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God as King, Man as Trusted Servant: An Exploration of Islam, Part IV

May 8, 2012

IV.  The ‘Theology’ of Human Origins in Islam

            According to Islamic theology, humanity is a synthesis of earth and Spirit—of “mud” and the breath of Allah.  Not unlike Christian theology, where Adam is created from the “dust of the earth” and yet made in the image of God, humanity is at once both exceedingly base and incredibly noble.  Ali Shariati describes this synthesis well:  “Since God wants to create a viceregent on earth, He must, as a rule, choose the most valuable and sacred material.  Yet, he selects the basest matter.”  At the same time, writes Shariati, “the Spirit of God is the most sacred, exalting the noblest ‘part’ of His being…He blew his own soul into man.”[1]  Though humanity, without the Spirit of God is little better than dirt, because of Allah’s action, mankind takes a unique place in Allah’s economy.[2]  Humanity is so unique and so privileged, in fact, that Allah commands all the angels to bow down to Adam.  We might rightly conclude, then, that humanity is the supreme creation in Allah’s plan.

The significance of humanity’s creation is profound in the Islamic view.  It is true that man should always recognize that he comes from mud when tempted to elevate his position above the will of Allah; he must recognize his rightful place in “the story.”  However, man is not some insignificant creature created merely for Allah’s pleasure; rather, he is invested with the very spirit of the Divine and given substantial authority and power.[3]   Islam, like Judaism and Christianity, will not allow an unimpeded exaltation of man to the point of man being a god, as some eastern traditions tend to do.  Nor will it allow for an utter abasement of man, whereby man is nothing more than a combination of dust and particles that has somehow managed to gain consciousness, as in a materialistic worldview.  Rather, in response to the question “Where do I come from,” the Islamic answer is, “You come from dust, but have the Spirit of God inside of you; you are both irreducibly small and incomprehensibly great.  This was Allah’s design.”   The logical next question then, is “What is humanity created for?” or “Why am I here?”


[1] Ali Shariati, “Man and Islam,” Al-Islam. http://www.al-islam.org/beliefs/philosophy/manandislam.html.  Accessed March 19, 2012

[2] See Malise Ruthven, Islam in the World, 2nd Ed. (New York:  Oxford University Press, 2000), 105.  According to Ruthven, we should understand that Man is “an earthly being created out of ‘dust’ and given dominion over the earth and its creatures as God’s ‘vice-regent’” and even being earthly “ranks higher in hierarchy of creatures than the angels and jinns.”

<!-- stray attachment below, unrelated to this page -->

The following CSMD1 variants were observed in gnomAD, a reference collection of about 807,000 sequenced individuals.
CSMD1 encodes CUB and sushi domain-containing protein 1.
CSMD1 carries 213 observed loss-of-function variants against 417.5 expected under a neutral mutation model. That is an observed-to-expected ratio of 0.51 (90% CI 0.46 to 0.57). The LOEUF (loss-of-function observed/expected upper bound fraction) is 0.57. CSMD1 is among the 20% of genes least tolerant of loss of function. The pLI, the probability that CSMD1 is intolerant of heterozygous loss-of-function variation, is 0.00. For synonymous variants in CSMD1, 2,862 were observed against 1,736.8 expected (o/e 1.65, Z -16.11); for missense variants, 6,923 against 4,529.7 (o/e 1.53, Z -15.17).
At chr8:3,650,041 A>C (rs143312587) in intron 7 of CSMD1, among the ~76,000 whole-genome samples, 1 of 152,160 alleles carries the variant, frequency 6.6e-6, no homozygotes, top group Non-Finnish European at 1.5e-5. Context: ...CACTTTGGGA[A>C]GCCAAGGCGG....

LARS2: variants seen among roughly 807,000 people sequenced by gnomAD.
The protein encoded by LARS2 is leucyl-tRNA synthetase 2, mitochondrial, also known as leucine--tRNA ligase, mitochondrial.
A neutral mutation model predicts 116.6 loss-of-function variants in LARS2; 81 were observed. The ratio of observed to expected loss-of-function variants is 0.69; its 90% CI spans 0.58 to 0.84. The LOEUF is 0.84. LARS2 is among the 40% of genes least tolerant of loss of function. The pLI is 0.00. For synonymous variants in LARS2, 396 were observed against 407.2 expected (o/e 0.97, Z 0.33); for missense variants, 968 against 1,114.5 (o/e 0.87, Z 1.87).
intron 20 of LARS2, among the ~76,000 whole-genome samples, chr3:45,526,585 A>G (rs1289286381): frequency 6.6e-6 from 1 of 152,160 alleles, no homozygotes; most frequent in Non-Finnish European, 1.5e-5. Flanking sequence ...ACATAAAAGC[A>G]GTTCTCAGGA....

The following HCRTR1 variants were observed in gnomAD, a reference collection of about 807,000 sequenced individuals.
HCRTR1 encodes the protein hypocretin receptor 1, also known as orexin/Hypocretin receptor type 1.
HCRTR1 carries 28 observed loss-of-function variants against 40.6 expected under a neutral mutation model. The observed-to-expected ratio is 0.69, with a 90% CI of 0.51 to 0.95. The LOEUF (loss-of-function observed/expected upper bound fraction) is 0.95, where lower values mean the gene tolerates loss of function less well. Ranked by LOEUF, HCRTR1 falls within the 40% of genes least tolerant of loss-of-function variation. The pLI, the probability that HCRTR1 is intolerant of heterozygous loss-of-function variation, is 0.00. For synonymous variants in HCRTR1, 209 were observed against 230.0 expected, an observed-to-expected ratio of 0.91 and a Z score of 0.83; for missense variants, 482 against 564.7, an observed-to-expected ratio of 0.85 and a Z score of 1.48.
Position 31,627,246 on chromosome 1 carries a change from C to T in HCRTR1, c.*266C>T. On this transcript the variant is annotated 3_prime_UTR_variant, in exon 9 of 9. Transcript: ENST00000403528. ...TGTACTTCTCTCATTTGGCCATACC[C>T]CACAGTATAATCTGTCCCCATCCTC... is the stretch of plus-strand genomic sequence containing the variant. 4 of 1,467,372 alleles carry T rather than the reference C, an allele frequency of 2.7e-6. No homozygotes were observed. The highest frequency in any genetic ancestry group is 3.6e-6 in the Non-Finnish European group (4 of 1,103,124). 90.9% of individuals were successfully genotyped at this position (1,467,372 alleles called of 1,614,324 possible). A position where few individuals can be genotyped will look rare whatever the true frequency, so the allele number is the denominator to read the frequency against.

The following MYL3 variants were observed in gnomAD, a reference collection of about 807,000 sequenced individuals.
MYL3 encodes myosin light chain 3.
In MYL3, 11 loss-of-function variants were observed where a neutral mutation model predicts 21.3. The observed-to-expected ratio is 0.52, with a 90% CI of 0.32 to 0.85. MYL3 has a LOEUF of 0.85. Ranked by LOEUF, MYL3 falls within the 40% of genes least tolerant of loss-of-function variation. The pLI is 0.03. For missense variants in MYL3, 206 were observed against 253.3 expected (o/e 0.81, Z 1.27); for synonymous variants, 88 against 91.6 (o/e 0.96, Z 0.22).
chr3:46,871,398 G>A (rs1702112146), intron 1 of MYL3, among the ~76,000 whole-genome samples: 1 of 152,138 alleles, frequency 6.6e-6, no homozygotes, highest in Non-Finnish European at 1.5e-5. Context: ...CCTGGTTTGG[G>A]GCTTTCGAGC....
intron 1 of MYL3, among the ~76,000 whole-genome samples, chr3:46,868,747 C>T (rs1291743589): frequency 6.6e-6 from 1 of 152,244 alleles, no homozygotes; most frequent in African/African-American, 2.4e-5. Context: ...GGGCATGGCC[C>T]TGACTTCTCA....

[3] Yet, in comparison with Allah’s power, it must be acknowledged that mankind’s authority is quite miniscule.  The Quran and Islamic teaching always, even in elevating the status of man, return to the greatness of Allah.

 

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4 Comments leave one →
  1. Kat permalink
    May 8, 2012 8:50

    wow! excellent job. You have managed to capture a lot of the nuance and complexity this time……and this leaves me with nothing to comment about.

    so, if its ok, I’ll comment on Ruthvens remarks on “hierarchy” of humans and angels. (I havn’t read his works) Human and Angel are both intelligent creations but a Human has limited autonomy whereas the Angels do not. What this means is that Angels are able to do God’s will perfectly—but only that—they cannot go beyond that—But human beings can use their intelligence and autonomy to come up with creative solutions to their problems and thus accomplish their responsibilities/God’s will in a manner that takes them beyond the capacity of the Angels. That is one reason why Humans, not Angels, have been given the responsibility of trusteeship. Ruthvens “hierarchy” must be understood in terms of responsibility and not “inherent superiority”—but we’ve already covered that previously………………

    • jonathangroover permalink*
      May 21, 2012 9:29

      Thanks for the comments Kat! I haven’t been able to post lately, but I continue to appreciate your input.

  2. kat permalink
    May 11, 2012 11:32

    If you want to know Islam according to Muslims—you have to go to a source that is Muslim–

    here are some suggestions—their video lectures on various topics are on the net ….

    Dr Aziza Al-Hibri
    Dr Timothy Winters (a.k.a.Abdal Hakim Murad)
    Sh Hamza Yusuf
    Dr Amina Wadud
    Prof Tariq Ramadan

    • jonathangroover permalink*
      May 21, 2012 9:29

      Great! Thank you for these names…I will certainly look into them.

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